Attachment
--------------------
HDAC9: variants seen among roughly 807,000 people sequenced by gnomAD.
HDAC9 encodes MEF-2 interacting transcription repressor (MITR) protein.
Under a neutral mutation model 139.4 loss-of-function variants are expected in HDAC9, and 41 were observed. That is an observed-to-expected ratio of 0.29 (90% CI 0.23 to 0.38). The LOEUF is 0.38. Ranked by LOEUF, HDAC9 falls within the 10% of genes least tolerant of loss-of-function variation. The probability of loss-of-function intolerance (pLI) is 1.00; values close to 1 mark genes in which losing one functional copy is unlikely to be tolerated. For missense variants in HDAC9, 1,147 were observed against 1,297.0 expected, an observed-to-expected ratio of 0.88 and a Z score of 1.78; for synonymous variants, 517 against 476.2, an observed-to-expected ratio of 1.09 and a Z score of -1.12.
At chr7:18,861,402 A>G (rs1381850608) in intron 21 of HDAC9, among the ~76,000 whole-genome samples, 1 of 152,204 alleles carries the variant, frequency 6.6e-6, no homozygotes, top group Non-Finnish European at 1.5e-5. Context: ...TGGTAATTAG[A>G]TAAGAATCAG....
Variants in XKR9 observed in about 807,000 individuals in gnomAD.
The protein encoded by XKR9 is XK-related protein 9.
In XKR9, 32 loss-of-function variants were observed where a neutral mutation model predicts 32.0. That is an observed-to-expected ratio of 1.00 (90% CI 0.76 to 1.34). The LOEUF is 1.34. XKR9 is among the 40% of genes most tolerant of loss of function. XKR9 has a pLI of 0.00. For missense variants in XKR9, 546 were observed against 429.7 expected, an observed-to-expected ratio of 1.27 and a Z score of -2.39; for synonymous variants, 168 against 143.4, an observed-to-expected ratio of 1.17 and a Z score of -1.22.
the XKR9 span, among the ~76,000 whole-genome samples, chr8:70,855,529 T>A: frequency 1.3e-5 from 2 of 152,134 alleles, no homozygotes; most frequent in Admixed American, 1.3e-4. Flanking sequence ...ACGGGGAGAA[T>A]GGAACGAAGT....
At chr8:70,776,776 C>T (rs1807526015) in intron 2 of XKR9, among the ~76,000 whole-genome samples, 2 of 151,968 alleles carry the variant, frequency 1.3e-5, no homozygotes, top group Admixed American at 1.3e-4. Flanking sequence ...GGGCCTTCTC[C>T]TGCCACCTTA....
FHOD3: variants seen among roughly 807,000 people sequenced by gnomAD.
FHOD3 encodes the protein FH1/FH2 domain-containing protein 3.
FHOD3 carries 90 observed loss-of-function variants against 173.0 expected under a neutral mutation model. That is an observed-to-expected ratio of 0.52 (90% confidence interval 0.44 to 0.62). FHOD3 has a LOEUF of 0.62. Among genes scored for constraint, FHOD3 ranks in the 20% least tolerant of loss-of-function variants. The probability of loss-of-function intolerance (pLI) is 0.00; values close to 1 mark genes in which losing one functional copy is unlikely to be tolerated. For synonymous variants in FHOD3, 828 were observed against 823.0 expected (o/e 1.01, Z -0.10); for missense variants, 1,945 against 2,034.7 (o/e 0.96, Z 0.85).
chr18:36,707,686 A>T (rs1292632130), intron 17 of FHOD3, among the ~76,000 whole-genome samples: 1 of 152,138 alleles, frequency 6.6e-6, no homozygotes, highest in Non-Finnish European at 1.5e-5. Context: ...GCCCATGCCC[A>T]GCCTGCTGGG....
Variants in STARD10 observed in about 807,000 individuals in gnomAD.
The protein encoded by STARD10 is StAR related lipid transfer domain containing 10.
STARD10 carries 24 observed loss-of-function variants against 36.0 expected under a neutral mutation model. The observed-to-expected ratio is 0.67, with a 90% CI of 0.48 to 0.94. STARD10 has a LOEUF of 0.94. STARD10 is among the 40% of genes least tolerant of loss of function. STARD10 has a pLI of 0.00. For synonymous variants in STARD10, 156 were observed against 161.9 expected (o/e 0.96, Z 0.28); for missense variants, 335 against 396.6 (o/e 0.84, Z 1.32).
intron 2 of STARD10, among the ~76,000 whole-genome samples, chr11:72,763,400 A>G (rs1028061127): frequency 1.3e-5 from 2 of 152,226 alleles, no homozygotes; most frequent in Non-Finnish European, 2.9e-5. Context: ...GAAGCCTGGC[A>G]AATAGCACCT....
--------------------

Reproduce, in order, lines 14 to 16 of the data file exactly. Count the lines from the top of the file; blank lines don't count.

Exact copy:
Variants in STARD10 observed in about 807,000 individuals in gnomAD.
The protein encoded by STARD10 is StAR related lipid transfer domain containing 10.
STARD10 carries 24 observed loss-of-function variants against 36.0 expected under a neutral mutation model. The observed-to-expected ratio is 0.67, with a 90% CI of 0.48 to 0.94. STARD10 has a LOEUF of 0.94. STARD10 is among the 40% of genes least tolerant of loss of function. STARD10 has a pLI of 0.00. For synonymous variants in STARD10, 156 were observed against 161.9 expected (o/e 0.96, Z 0.28); for missense variants, 335 against 396.6 (o/e 0.84, Z 1.32).